Poor Data Quality

The researchers also calculated that the average coverage is 9.73, indicating a low value. This may be why only partial segments of the RaTG13 sequence are assembled. The coverage is only 2 or less for about 3,000 bases, which could markedly impair the accuracy. They draw attention to multiple ambiguous bases in the first end that could prevent de novo assembly, and to many unreliable second end reads as well.

Experimental Procedural Concerns

The significantly large differences in the bacterial content of the two referenced datasets are surprising, say the researchers, since both purport to be from similar sites, fecal and oral samples. One has only 0.65% bacteria, and ~68% Eukaryota, with the rest being unidentified. The other is ~91% bacteria and ~4% Eukaryota. This concern has been raised before.

Again, 0.1% of the first dataset is similar to plant genomes like rice and maize, which is unexpected from bat samples from creatures like the intermediate horseshoe bat Rhinolophus affinis. The researchers attribute this to contamination by possible index hopping because of evidence that the same platform has been used to sequence maize earlier. Multiplex sequencing of maize and the CoV genome of interest could lead to such contamination.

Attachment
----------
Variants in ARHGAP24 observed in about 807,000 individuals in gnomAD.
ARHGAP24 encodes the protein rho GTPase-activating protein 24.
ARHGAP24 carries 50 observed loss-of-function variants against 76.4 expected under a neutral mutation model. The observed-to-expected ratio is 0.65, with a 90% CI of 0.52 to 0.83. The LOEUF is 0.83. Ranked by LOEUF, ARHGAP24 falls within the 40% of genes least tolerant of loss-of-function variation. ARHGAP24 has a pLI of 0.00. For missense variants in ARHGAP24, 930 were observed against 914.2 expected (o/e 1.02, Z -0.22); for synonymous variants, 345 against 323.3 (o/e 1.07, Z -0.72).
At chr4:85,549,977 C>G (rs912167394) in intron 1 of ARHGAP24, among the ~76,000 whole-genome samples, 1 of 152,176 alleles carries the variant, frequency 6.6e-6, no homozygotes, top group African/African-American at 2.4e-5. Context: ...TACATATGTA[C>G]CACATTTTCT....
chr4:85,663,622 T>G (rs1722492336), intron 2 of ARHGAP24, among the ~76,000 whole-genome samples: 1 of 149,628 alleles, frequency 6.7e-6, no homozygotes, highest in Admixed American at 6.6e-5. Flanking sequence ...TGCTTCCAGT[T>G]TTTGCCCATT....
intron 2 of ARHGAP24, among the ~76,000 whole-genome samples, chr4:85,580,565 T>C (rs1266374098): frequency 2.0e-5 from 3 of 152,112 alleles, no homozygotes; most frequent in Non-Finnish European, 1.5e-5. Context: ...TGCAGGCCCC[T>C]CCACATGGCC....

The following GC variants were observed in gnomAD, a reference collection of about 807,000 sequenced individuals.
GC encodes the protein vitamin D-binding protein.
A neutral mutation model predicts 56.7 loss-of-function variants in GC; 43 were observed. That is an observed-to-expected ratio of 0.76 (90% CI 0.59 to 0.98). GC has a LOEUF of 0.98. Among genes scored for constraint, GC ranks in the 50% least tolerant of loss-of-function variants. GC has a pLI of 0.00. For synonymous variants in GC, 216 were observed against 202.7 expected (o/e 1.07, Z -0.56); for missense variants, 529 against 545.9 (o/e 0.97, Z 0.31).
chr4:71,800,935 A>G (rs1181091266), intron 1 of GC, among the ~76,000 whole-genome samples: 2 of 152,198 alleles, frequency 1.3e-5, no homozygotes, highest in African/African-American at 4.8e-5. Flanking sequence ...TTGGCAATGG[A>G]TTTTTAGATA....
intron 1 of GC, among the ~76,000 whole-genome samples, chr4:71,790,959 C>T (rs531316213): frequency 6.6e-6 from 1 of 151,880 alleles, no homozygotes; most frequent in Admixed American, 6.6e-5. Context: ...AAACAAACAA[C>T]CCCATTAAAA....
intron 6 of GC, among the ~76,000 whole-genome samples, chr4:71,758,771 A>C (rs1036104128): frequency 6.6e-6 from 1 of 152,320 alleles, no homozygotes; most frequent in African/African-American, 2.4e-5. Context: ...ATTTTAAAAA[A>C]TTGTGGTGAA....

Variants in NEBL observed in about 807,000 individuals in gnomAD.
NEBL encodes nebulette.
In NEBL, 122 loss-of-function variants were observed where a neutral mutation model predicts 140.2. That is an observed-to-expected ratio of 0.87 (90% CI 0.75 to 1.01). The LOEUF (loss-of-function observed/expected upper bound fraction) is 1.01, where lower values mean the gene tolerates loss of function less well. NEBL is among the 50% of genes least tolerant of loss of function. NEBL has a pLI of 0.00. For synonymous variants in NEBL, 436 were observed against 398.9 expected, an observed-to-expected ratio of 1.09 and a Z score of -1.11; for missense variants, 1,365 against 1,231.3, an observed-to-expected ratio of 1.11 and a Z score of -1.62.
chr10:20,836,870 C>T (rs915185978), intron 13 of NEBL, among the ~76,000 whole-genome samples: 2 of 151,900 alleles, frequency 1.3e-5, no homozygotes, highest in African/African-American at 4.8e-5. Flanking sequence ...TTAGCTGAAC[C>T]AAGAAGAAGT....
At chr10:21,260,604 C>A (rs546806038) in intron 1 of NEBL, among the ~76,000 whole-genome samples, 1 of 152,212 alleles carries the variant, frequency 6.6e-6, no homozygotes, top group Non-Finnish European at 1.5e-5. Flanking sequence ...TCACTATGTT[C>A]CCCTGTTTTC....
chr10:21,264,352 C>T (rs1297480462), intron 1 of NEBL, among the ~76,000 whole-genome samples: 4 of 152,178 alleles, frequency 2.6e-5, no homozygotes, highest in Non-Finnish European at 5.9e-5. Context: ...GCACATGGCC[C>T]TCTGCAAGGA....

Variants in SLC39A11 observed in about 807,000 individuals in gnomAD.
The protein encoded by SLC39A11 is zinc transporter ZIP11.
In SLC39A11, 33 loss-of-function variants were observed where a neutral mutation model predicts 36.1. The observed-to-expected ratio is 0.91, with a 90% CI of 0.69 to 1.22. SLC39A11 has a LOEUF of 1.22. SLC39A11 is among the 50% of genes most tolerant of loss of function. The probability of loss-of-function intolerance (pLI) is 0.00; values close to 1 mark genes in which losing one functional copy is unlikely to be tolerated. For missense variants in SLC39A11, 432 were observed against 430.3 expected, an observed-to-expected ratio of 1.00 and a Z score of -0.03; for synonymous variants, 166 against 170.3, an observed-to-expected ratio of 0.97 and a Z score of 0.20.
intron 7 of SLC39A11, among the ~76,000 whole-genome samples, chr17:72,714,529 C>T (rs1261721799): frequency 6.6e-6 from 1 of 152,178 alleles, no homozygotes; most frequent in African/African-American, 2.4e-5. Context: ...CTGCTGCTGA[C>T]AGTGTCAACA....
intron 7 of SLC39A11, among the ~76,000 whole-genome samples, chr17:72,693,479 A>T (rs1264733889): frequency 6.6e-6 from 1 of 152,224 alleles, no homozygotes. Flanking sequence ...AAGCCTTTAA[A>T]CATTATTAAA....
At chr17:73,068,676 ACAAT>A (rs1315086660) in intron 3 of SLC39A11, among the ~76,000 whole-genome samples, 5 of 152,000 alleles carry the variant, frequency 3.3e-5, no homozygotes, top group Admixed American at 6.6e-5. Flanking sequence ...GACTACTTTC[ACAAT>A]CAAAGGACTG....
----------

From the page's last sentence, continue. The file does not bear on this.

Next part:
Again, the dataset also contains material identical to that of the Malayan pangolin Manis javanica, a totally different order. This again could be due to index hopping of some fragments for the same reason. This could have misdirected the discussion on the origin of the novel CoV, as some have reported that pangolin CoV genomic sequences also have close homology with that of the former.

Thus, the inference could also be that contamination accounts for the presence of various portions of the RaTG13 in the dataset, accounting for 0.0008% of the total.”